Table 4: Postoperative complications for the 325 patients during the study period associated with panniculectomy.
Table 5: Postoperative complications for the 325 patients during the study period associated with the bariatric surgery.
Figure 2: (a) Preoperative frontal view and (b) lateral view of a male patient (BMI = 44 kg/m2; body weight = 136 kg). (c) Postoperative frontal view and (d) lateral view five years after surgery (body weight = 73 kg).
Figure 3: (a) Preoperative frontal view and (b) lateral view of a male patient (BMI = 69.9 kg/m2; body weight = 220 kg). (c) Postoperative frontal view and (d) lateral view five years after surgery (body weight = 110 kg).

It was observed that 23.5% of patients had hernias or incisional hernias; 78% of these hernias were repaired with direct suture and 22% with surgical mesh. Two patients (0.61%) died of acute myocardial infarction and one (0.31%) due to septicemia, caused by anastomotic dehiscence.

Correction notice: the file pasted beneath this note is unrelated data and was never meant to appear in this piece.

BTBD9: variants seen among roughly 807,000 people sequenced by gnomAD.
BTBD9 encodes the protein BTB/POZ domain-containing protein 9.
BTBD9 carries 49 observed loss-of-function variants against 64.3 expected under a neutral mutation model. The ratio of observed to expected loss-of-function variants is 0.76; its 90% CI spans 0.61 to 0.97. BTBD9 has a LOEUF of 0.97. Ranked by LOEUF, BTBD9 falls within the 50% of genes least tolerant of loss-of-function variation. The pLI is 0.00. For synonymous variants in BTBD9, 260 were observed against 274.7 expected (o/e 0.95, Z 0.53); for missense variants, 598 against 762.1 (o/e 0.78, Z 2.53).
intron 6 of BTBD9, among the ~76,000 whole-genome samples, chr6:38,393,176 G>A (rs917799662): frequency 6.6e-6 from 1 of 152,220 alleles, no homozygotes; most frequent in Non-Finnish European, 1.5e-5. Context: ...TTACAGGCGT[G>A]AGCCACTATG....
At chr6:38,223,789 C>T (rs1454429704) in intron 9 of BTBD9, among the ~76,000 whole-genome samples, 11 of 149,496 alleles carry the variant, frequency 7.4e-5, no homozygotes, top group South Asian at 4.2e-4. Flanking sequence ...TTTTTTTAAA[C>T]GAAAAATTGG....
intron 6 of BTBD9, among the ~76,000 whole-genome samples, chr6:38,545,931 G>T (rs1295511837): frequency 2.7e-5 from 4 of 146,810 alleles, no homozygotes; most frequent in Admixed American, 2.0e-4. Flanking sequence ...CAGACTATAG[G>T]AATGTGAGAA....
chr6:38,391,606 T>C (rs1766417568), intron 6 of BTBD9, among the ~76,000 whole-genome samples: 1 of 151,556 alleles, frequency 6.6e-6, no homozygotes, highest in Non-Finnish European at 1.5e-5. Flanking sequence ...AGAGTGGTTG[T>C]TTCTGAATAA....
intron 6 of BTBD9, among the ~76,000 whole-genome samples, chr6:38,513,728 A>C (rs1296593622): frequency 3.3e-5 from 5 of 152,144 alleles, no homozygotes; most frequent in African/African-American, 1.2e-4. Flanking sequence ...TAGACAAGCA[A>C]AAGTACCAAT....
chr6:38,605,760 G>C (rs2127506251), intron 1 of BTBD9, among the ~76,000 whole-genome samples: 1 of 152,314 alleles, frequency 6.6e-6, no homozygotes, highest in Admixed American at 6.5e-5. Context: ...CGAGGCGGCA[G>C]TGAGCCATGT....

Apart from a few exceptional cases, patients who underwent panniculectomy did not require further aesthetic and nonsurgical procedures. Seromas were treated with antibiotics and fluid collection drainage on an outpatient basis.

Typical examples of patients treated with bariatric surgery combined with panniculectomy are shown (Figures 28).

Figure 4: (a) Preoperative frontal view and (b) lateral view of a female patient (BMI = 50 kg/m2; body weight = 135 kg). (c) Postoperative frontal view and (d) lateral view three years after surgery (body weight = 65 kg).
Figure 5: (a) Preoperative frontal view and (b) lateral view of a female patient (BMI = 39 kg/m2; body weight = 106 kg). (c) Postoperative frontal view and (d) lateral view 11 months after surgery (body weight = 71 kg).